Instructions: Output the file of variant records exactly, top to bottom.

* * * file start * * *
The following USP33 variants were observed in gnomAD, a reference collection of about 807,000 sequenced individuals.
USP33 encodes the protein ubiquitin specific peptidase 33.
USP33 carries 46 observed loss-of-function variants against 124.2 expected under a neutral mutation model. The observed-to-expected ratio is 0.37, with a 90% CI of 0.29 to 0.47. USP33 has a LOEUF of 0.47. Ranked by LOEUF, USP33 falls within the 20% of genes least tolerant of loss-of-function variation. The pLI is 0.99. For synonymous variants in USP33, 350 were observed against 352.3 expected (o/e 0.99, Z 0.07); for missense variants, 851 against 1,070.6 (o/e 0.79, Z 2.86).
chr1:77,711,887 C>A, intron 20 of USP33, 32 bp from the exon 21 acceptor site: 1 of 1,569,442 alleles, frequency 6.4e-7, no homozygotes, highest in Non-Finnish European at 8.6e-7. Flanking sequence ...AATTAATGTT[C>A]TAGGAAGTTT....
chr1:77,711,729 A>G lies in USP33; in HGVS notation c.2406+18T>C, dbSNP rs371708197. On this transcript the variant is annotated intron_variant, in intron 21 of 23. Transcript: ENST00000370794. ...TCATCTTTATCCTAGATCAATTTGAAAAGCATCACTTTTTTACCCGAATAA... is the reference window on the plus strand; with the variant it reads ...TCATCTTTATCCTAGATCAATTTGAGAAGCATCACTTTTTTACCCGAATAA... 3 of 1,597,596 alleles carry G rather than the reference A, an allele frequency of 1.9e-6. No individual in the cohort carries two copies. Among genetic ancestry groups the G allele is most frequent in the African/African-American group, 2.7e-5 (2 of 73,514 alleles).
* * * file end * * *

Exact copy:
The following USP33 variants were observed in gnomAD, a reference collection of about 807,000 sequenced individuals.
USP33 encodes the protein ubiquitin specific peptidase 33.
USP33 carries 46 observed loss-of-function variants against 124.2 expected under a neutral mutation model. The observed-to-expected ratio is 0.37, with a 90% CI of 0.29 to 0.47. USP33 has a LOEUF of 0.47. Ranked by LOEUF, USP33 falls within the 20% of genes least tolerant of loss-of-function variation. The pLI is 0.99. For synonymous variants in USP33, 350 were observed against 352.3 expected (o/e 0.99, Z 0.07); for missense variants, 851 against 1,070.6 (o/e 0.79, Z 2.86).
chr1:77,711,887 C>A, intron 20 of USP33, 32 bp from the exon 21 acceptor site: 1 of 1,569,442 alleles, frequency 6.4e-7, no homozygotes, highest in Non-Finnish European at 8.6e-7. Flanking sequence ...AATTAATGTT[C>A]TAGGAAGTTT....
chr1:77,711,729 A>G lies in USP33; in HGVS notation c.2406+18T>C, dbSNP rs371708197. On this transcript the variant is annotated intron_variant, in intron 21 of 23. Transcript: ENST00000370794. ...TCATCTTTATCCTAGATCAATTTGAAAAGCATCACTTTTTTACCCGAATAA... is the reference window on the plus strand; with the variant it reads ...TCATCTTTATCCTAGATCAATTTGAGAAGCATCACTTTTTTACCCGAATAA... 3 of 1,597,596 alleles carry G rather than the reference A, an allele frequency of 1.9e-6. No individual in the cohort carries two copies. Among genetic ancestry groups the G allele is most frequent in the African/African-American group, 2.7e-5 (2 of 73,514 alleles).